The Skypledged are raptorans who have a bond with the Elemental Plane of Air. There is a sidebar here on Pledgebreakers...

The Stormtalon is a much better raptoran class, focusing on combat and flight. Here we have another illustration where the Stormtalon wields two scimitars in his hands, and has a spear in his clawlike feet. With a little tweaking, this prestige class could have been changed to focus on any flying character. This would have made this prestige class even more appealing.

The chapter ends with the Whisperknife, a halfling rogue prestige class, and a Wildrunner prestige class, where an elf or half-elf gains several wild-themed abilities, including a primal scream.

Overall, the prestige classes have been so-so. Nothing really grabs me here.

Chapter Six moves on to character options. There's expansion on some existing skills (always a bonus), and several new feats. Most feats are race-specific, although there's also some new tactical feats as well. One thing I really like about this chapter is the section on racial substitution levels. The idea that you can replace some levels of an existing class with more race-specific abilities is enticing. Unfortunately, this chapter is all-too-short and doesn't have racial substitution levels for each class.

Chapter Seven is equipment and magic. There are new weapons and armor, but nothing truly striking. I'm sure that leaf-based armor sounds nifty to the designers, but I like to temper my fantasy with a healthy dose of reality. The gear section is way too small, and the options are so-so. The magic section is perhaps the best of this chapter, especially the armor. There's various forms of hide armor made from different animal skins, each providing some magical abilities. These are some of the better examples I've seen on this theme. I do wish they had more wondrous items, though. Ending this chapter are new spells and even three new psionic powers (always a bonus).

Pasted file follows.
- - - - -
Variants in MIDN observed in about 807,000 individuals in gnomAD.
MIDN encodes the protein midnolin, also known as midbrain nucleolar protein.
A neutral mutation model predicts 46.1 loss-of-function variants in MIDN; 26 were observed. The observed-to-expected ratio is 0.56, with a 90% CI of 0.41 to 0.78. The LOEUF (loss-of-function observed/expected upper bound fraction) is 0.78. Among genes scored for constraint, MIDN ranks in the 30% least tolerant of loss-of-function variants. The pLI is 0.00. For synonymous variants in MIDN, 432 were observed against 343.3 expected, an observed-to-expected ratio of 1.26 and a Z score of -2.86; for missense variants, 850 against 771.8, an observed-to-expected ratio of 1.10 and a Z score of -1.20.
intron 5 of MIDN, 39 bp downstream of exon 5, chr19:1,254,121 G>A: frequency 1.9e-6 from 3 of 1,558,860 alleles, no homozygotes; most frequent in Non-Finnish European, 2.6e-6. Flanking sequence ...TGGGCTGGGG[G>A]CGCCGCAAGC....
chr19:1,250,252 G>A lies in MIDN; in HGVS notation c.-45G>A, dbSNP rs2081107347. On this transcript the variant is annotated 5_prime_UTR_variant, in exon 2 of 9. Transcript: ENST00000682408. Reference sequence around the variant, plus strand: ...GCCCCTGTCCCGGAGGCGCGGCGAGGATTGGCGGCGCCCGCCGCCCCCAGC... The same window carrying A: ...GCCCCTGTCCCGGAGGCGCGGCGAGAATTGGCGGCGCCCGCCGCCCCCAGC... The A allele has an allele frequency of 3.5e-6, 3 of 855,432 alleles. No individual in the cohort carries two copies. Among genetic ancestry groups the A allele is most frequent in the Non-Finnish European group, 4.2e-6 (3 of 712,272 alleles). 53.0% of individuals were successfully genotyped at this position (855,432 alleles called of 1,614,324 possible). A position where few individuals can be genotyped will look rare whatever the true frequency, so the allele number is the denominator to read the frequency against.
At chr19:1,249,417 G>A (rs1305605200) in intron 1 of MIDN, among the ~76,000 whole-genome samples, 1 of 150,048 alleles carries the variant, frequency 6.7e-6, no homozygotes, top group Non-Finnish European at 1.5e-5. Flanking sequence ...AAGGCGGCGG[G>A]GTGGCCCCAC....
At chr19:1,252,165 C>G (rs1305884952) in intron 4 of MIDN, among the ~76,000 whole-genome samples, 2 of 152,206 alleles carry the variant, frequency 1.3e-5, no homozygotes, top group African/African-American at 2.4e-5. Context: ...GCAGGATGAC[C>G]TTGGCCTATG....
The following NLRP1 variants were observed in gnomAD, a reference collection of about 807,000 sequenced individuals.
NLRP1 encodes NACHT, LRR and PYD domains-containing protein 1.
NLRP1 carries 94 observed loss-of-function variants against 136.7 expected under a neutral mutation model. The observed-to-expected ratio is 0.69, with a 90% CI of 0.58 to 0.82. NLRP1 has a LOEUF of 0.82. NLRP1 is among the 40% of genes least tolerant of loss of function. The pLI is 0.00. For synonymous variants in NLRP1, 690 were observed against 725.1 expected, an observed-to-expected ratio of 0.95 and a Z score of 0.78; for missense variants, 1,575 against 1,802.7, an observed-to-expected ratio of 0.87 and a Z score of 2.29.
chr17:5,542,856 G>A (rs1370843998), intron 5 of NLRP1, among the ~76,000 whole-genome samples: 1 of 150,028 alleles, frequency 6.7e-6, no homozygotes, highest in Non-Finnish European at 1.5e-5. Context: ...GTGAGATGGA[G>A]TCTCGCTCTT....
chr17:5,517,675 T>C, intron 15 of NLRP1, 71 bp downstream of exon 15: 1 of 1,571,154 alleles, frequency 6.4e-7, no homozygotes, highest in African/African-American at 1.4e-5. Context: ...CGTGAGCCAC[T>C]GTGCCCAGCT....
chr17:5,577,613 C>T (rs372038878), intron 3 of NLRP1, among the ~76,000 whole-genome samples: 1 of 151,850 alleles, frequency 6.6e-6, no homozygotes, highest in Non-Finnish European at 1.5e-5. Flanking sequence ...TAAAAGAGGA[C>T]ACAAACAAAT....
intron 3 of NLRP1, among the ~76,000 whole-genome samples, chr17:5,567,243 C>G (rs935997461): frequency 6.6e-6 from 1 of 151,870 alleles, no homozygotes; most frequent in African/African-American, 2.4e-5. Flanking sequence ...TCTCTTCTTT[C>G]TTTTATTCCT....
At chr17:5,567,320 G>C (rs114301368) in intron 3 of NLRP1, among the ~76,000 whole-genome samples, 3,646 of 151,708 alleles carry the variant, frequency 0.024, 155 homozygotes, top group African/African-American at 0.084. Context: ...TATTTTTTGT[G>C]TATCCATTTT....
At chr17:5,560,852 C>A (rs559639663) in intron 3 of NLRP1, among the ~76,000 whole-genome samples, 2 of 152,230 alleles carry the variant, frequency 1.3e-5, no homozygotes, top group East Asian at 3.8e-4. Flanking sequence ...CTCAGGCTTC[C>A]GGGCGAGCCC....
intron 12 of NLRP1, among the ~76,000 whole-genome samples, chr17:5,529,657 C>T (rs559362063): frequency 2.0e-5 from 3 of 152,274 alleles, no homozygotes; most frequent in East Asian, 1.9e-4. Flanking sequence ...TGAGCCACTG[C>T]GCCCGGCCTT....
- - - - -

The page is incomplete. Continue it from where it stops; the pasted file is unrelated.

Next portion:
Chapter Eight goes into campaigns in the wild. I expected some campaign models here. What I see are sample NPCs notes on elf/halfling/etc. groups, holidays, and some new monsters. The monsters are so-so. I have to say that I'm not too terribly impressed that the cooshee is now called the "elven hound" (although the cooshee name is in the flavor text). There's no reason for the name change. At least this chapter ends with one hundred adventure ideas and NPCs by CR.

Races of the Wild, like the other books in this series, was a huge disappointment. The new race, the raptorans, leave much to be desired. There's missed opportunities left and right in this book. In a races book, I expect to see notes on subraces, ala Races of Faerun. While some of the basics of each race are there, there's nothing new offered here. I can just as easily take the flavor text of my old "Complete" races books from second edition and have more flavor and information in my game. There's also missed opportunity in the form of existing races that could have been expanded upon, yet were totally left out.

Also, to peg every elf and every halfling as a "race of the wild" is a fallacy. There can be civilized elves and halflings as well.

For generic D&D games, approach with caution. Look at other races books before deciding to buy this one. For settings such as Dragonlance, don't even bother. There's little that can be imported.